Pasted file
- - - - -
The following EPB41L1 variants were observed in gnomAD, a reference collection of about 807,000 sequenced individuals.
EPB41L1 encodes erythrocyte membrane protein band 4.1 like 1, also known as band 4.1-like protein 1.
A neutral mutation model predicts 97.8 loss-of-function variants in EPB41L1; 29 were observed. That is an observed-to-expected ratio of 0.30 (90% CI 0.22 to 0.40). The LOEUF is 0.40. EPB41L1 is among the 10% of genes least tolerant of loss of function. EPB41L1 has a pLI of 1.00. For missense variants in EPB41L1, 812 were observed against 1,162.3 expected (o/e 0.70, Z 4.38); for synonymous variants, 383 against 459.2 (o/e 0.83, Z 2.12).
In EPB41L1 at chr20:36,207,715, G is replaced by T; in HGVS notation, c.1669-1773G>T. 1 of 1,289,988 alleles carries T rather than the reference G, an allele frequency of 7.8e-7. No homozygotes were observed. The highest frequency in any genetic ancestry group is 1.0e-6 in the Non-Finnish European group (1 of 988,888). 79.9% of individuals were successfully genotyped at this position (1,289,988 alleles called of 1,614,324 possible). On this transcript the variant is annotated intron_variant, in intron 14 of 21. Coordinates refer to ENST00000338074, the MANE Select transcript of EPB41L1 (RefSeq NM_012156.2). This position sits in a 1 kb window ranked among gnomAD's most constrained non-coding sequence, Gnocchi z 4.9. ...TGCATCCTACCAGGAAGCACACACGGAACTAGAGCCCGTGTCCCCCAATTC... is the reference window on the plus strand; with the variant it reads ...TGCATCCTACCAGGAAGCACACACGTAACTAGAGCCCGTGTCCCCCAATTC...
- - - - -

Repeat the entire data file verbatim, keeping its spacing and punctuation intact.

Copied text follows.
The following EPB41L1 variants were observed in gnomAD, a reference collection of about 807,000 sequenced individuals.
EPB41L1 encodes erythrocyte membrane protein band 4.1 like 1, also known as band 4.1-like protein 1.
A neutral mutation model predicts 97.8 loss-of-function variants in EPB41L1; 29 were observed. That is an observed-to-expected ratio of 0.30 (90% CI 0.22 to 0.40). The LOEUF is 0.40. EPB41L1 is among the 10% of genes least tolerant of loss of function. EPB41L1 has a pLI of 1.00. For missense variants in EPB41L1, 812 were observed against 1,162.3 expected (o/e 0.70, Z 4.38); for synonymous variants, 383 against 459.2 (o/e 0.83, Z 2.12).
In EPB41L1 at chr20:36,207,715, G is replaced by T; in HGVS notation, c.1669-1773G>T. 1 of 1,289,988 alleles carries T rather than the reference G, an allele frequency of 7.8e-7. No homozygotes were observed. The highest frequency in any genetic ancestry group is 1.0e-6 in the Non-Finnish European group (1 of 988,888). 79.9% of individuals were successfully genotyped at this position (1,289,988 alleles called of 1,614,324 possible). On this transcript the variant is annotated intron_variant, in intron 14 of 21. Coordinates refer to ENST00000338074, the MANE Select transcript of EPB41L1 (RefSeq NM_012156.2). This position sits in a 1 kb window ranked among gnomAD's most constrained non-coding sequence, Gnocchi z 4.9. ...TGCATCCTACCAGGAAGCACACACGGAACTAGAGCCCGTGTCCCCCAATTC... is the reference window on the plus strand; with the variant it reads ...TGCATCCTACCAGGAAGCACACACGTAACTAGAGCCCGTGTCCCCCAATTC...